Sex During Pregnancy

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Sex and pregnancy go hand in hand during the conception phase, but you might wonder if sexual intercourse is safe once you become pregnant. The hormones of pregnancy sometimes cause changes in a women’s interest in sex. Some women experience an increased interest in sex, while others have no interest at all. An understanding of safety and differences in sex during pregnancy might put your mind at ease.


Safety

A woman with a normal pregnancy does not need to worry about avoiding sex while pregnant. Sexual intercourse is considered safe throughout the pregnancy, unless complications arise. The amniotic fluid surrounding the baby and the mucus plug blocking the cervix protect your developing baby.

Positions

In the first trimester, there isn’t as much concern about sexual positions. The second and third trimesters become more complicated because of your growing belly. A side-by-side position or the female on top accounts for the pregnant belly. This also keeps you off of your back, which can cut off the blood supply. Experiment with different positions to find one that feels comfortable to you.

Differences

Blood flow increases to the pelvic region during pregnancy, particularly during the second trimester. This increases sexual sensations and desire in some women. Others might not enjoy the change in sensation during intercourse. Pregnancy also brings changes to the breasts in many women, including tenderness, extreme sensitivity or increased size. The changes in the breasts might also affect your sexual pleasure, either in a positive or negative way. Minor cramping might also occur after sexual intercourse.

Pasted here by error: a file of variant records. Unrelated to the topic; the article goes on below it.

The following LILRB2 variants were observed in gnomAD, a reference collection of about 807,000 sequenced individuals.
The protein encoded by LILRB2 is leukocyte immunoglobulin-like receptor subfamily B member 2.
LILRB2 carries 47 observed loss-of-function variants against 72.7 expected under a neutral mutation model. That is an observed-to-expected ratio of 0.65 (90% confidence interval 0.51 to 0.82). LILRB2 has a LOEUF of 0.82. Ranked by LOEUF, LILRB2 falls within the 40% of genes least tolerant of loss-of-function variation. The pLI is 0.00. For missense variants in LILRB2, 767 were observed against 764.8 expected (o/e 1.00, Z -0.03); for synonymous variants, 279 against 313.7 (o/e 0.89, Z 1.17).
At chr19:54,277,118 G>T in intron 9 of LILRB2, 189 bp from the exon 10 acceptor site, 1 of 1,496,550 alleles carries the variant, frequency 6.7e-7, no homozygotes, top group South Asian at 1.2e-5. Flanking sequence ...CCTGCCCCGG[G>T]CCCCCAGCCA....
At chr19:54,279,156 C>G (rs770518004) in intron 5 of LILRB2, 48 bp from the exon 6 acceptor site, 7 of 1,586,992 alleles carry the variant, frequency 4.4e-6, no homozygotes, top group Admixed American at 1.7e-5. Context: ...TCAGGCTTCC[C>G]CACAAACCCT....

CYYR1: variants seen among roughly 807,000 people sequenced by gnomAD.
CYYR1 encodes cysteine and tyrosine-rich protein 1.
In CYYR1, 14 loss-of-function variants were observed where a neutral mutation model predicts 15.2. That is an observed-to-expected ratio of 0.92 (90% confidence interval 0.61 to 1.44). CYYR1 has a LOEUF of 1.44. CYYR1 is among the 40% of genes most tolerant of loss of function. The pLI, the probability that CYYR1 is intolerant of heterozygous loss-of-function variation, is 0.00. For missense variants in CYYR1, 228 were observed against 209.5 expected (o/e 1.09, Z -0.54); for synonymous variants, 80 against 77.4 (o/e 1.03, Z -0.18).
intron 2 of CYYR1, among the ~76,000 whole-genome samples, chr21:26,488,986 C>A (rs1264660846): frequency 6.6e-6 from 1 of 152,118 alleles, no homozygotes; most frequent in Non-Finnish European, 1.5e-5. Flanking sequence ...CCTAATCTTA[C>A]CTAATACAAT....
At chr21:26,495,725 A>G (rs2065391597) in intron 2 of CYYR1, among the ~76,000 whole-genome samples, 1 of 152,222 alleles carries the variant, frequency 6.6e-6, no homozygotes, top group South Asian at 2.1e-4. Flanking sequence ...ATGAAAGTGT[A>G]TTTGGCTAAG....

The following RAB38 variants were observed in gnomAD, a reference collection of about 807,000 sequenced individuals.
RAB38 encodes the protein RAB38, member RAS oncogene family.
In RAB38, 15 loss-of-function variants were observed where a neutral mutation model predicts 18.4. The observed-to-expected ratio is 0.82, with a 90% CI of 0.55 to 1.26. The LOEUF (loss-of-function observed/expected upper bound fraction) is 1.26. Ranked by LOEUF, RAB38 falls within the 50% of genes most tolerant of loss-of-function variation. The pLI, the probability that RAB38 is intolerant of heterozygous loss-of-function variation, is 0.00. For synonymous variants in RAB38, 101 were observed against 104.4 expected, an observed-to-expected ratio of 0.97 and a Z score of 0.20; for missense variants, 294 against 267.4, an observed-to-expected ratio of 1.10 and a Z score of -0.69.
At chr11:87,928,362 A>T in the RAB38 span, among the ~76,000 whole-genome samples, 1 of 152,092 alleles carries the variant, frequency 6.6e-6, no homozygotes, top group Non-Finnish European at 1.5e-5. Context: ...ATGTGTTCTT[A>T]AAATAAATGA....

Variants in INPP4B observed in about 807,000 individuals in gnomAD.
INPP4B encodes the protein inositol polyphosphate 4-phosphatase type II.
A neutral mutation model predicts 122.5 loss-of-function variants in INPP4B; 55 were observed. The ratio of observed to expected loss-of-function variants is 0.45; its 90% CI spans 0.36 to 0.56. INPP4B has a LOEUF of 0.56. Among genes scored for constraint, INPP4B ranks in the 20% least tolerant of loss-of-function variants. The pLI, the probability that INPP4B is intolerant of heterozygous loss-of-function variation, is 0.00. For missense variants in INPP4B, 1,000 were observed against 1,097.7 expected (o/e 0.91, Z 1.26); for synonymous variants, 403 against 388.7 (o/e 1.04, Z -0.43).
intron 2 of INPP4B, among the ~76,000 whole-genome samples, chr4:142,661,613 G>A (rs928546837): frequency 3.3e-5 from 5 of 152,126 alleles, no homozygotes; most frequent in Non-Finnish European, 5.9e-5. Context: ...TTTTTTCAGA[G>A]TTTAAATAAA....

Considerations

If you are not in a monogamous relationship or if your partner is at risk for sexually transmitted diseases, a condom is essential during every sexual encounter. This protects you and your baby. Oral sex is an alternative option to sexual intercourse and is also considered safe during pregnancy. Your partner should never blow into the vagina, as there is a slight chance for an air embolism that could put you and your baby at serious risk.

Warning

While sex is generally safe during pregnancy, there are some situations when you should abstain from sexual intercourse or call your physician. Situations when sex is not recommended include vaginal bleeding with an unknown cause, amniotic fluid leak, placenta previa or if you have a risk of preterm labor. Talk to your doctor if you are concerned about the safety of sex due to complications in your pregnancy. Call your doctor if you experience bleeding, pain or cramping that doesn’t go away after having sex.

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